Jarred Cosart's 'idiots' are actually quite reasonable

J. Meric

The concern isn't that his ERA will rise from 1.95; that's a given. It's just how far it will rise that is provoking cries of "regression" rather than unrealistic expectations.

The art of misdirection: Calling attention to the big mole on your nose so no one comments on the fact that half your teeth are missing. Astros pitcher Jarred Cosart on Wednesday:

Jarred Cosart is a 23-year-old right-handed starting pitcher who made his major league debut with the Astros last season, having come over from the Phillies organization in the July 2011 Hunter Pence deal. It's understating things to say that he did quite well. Cosart allowed just 13 earned runs in 10 starts comprising 60 innings.

In one sense, Cosart is right to imply that it's redundant to ask if he's going to regress. After all, no one is consistent at that level. Christy Mathewson wasn't with a lot more conditions in his favor than Cosart has, and ditto Bob Gibson. Closer to our own time, Pedro Martinez and Greg Maddux posted two sub-2.00 ERAs apiece, but they weren't able to maintain that level of efficiency for very long either. Maddux did it for two seasons in a row (from 1994-1995 he went 35-8 with a 1.60 ERA in 411.2 innings),

The thing is, that's not what people are talking about if they're talking about Cosart's ERA being about to rise. You knew that Maddux and Martinez's ERA was going to rise, but you also knew that their overall level of performance, as indicated by things like strikeouts, walks, and home runs allowed, was such that it might rise to 2.50. With Cosart, the question isn't whether his ERA will be 1.95 or 2.50; if his ability to find the strike zone and miss bats remains the same, it's whether it will be 4.00 or 5.50.

Cosart is a strong prospect who could be very good next year. His fastball averaged 94.5 miles per hour in the majors, and he showed a real penchant for inducing ground balls: his 1.2 ground-ball/fly-ball rate would have been more or less tied for third in the majors had he pitched enough innings to qualify, behind only Justin Masterson (1.5) and A.J. Burnett (1.4) and roughly even with Doug Fister and Rick Porcello. As you know, it's very tough for batters to chain up a sequence of hits that lead to runs when they're hitting that many balls on the ground, and in the whole history of baseball no one has yet hit a home run on a grounder to shortstop.

Cosart walked 5.3 batters per nine innings during his stint in the majors -- the National League average for a starting pitcher was 2.8 -- and struck out 5.0 against a league average of 7.2. We know that when a pitcher lets batters make contact at an above-average rate, bad things happen. A strikeout has a very limited range of outcomes and overwhelmingly results in the batter dragging his bat back to the dugout. Put wood on a pitch and a ball might find its way to a fielder's glove, but then again it might not. As such, that low strikeout rate, combined with the baserunners from the free passes he issued, should have meant trouble for Cosart. The average batter hit .297 on balls in play (BABIP) last year.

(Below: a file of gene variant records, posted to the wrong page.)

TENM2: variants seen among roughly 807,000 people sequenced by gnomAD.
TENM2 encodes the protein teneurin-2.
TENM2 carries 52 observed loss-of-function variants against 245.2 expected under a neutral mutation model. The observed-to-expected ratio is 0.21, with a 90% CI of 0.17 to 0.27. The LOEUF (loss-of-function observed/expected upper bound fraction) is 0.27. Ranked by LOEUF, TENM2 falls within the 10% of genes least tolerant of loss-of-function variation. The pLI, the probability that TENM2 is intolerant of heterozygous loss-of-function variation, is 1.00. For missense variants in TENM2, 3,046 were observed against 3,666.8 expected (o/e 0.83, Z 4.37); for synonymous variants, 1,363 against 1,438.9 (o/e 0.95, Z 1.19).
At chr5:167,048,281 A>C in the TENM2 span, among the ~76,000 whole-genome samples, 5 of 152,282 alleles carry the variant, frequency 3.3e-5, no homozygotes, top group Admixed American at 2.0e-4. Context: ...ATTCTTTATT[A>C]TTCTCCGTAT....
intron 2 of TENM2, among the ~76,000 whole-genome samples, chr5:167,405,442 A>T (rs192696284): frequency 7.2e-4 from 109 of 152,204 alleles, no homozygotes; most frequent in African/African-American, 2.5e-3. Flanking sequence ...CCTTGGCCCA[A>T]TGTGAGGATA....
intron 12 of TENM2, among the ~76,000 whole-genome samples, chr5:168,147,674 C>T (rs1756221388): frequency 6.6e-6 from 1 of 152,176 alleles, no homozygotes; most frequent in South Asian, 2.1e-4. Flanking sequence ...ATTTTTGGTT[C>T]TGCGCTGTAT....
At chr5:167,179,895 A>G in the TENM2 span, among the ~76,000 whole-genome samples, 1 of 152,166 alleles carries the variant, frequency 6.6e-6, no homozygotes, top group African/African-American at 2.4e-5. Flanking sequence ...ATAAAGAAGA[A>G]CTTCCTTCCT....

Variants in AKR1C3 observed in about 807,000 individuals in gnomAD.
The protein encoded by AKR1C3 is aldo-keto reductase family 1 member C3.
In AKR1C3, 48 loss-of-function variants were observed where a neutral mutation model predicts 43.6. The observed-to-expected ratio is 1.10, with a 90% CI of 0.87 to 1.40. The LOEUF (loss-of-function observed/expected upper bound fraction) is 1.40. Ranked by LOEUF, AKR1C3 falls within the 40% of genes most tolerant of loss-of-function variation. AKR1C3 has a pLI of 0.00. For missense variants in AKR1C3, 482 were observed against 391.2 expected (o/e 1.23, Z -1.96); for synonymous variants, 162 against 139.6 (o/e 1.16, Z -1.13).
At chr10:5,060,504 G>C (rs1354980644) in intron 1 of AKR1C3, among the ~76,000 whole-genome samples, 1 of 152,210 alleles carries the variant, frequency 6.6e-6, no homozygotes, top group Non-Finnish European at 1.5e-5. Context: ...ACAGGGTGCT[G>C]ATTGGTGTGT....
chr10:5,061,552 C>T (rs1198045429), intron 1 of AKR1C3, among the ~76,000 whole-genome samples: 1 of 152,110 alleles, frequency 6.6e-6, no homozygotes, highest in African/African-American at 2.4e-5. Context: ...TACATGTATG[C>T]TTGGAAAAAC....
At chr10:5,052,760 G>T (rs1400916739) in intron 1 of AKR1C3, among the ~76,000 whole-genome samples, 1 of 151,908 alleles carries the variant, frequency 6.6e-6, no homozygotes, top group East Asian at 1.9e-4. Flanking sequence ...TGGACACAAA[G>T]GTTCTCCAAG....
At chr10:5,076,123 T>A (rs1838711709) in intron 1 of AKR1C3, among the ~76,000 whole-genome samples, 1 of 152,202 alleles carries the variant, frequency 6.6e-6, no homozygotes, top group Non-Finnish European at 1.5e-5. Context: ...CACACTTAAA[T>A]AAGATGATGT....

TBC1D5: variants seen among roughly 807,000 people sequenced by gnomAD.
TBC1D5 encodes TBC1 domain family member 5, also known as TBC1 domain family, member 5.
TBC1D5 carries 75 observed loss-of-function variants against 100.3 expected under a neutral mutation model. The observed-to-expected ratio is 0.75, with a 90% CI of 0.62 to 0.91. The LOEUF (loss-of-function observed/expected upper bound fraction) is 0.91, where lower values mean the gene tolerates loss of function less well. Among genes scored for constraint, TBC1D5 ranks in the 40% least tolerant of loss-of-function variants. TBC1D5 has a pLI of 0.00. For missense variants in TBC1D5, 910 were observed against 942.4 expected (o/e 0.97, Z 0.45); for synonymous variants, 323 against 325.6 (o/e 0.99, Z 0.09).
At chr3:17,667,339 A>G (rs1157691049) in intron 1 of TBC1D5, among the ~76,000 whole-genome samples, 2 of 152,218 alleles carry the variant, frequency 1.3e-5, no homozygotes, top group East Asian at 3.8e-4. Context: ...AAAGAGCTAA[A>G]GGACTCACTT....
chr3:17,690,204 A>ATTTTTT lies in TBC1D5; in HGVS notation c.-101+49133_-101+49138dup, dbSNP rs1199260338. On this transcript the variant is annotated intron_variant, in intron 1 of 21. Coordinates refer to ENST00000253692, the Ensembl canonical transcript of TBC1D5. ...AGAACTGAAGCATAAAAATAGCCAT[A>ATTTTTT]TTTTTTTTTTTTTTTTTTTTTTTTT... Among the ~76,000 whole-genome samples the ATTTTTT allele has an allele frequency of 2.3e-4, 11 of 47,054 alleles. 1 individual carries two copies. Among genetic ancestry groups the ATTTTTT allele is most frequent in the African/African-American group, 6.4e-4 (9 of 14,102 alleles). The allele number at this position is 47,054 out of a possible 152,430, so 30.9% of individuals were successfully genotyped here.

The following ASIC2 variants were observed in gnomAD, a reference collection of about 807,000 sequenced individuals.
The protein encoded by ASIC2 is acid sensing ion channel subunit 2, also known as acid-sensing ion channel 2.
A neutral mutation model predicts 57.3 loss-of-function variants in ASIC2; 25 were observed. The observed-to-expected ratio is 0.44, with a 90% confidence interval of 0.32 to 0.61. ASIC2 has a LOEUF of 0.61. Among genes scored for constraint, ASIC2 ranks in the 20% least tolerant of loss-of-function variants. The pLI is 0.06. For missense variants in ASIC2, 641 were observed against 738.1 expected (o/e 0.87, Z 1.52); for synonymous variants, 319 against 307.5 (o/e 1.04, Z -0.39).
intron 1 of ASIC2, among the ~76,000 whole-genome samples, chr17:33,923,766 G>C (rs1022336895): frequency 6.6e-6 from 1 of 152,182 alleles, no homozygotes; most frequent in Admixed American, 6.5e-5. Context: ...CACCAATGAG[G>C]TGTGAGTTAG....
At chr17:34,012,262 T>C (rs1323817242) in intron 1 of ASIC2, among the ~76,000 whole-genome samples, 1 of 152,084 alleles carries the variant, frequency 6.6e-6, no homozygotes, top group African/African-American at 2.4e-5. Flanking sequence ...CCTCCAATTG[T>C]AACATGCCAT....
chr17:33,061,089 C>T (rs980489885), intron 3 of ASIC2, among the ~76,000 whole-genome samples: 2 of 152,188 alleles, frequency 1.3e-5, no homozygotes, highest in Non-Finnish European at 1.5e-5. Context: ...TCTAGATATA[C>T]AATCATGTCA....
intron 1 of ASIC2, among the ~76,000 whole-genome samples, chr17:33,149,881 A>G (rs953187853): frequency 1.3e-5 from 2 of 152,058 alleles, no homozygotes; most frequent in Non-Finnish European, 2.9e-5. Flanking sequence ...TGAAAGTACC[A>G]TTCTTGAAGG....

For Cosart, that number was .246.

A small number of pitchers exert some measure of control over their BABIP, but the vast majority of them tend to circle around the league-average figure, with fluctuations being due more to the changing natures of the defense around them and the vagaries of luck. But just as no pitcher is consistent at a 1.95 ERA, no pitcher is consistent at a sub-.250 BABIP. There have been 147 pitchers who have thrown at least 1,000 innings this century. The top-10 for lowest BABIP starts with Matt Cain at .268 and rises quickly, with less than half maintaining better-than-average results across that span. Just 32 pitchers had seasons of below-.250 BABIPs (162-inning minimum), and nearly all of them experienced at least some rise in subsequent seasons (see table).

While it is facile to look at every pitcher who had a strong season due to a low BABIP and automatically forecast a disappointing encore, skepticism is not unreasonable. Note the list contains both some of the all-time greats as well as some obvious one-hit wonders... And a lot of Barry Zito, which says... Well, something about the universe being cruelly deceptive sometimes.

Cosart was a far better pitcher in the minors last year than he was in the majors, even if the results weren't as good. If you add up his 2012 and 2013 work at Double- and Triple-A you get 207.2 innings, 183 hits allowed 101 walks, 185 strikeouts, and an ERA of 3.29. The 4.4 walks per nine innings is problematic -- only three major league pitchers passed more than 3.9 batters per nine last year -- but in contrast to Cosart's major league work he was able to offset them to some degree with 8.0 strikeouts per nine. Between the ground balls and the minor league strikeouts, there is reason to have hope for Cosart's continued development despite the depressing walk and strikeout ratios in the bigs.

Cosart said in a subsequent tweet that, "people get technical on [Twitter] so obviously anything above a 1.95 is regression to them." It is to be hoped that Cosart's followers aren't so stupidly literal-minded; if anyone were to insist that it's 1.95 or Cosart is a disappointment, that would be unrealistic indeed. One suspects, though, that they're looking first at what his rates suggest and then inferring a catastrophic fall -- which, whether Cosart likes it or not, is a realistic thing to do. The concern isn't that his ERA will rise from 1.95; that's a given. It's just how far it will rise that is provoking cries of "regression" rather than unrealistic expectations.

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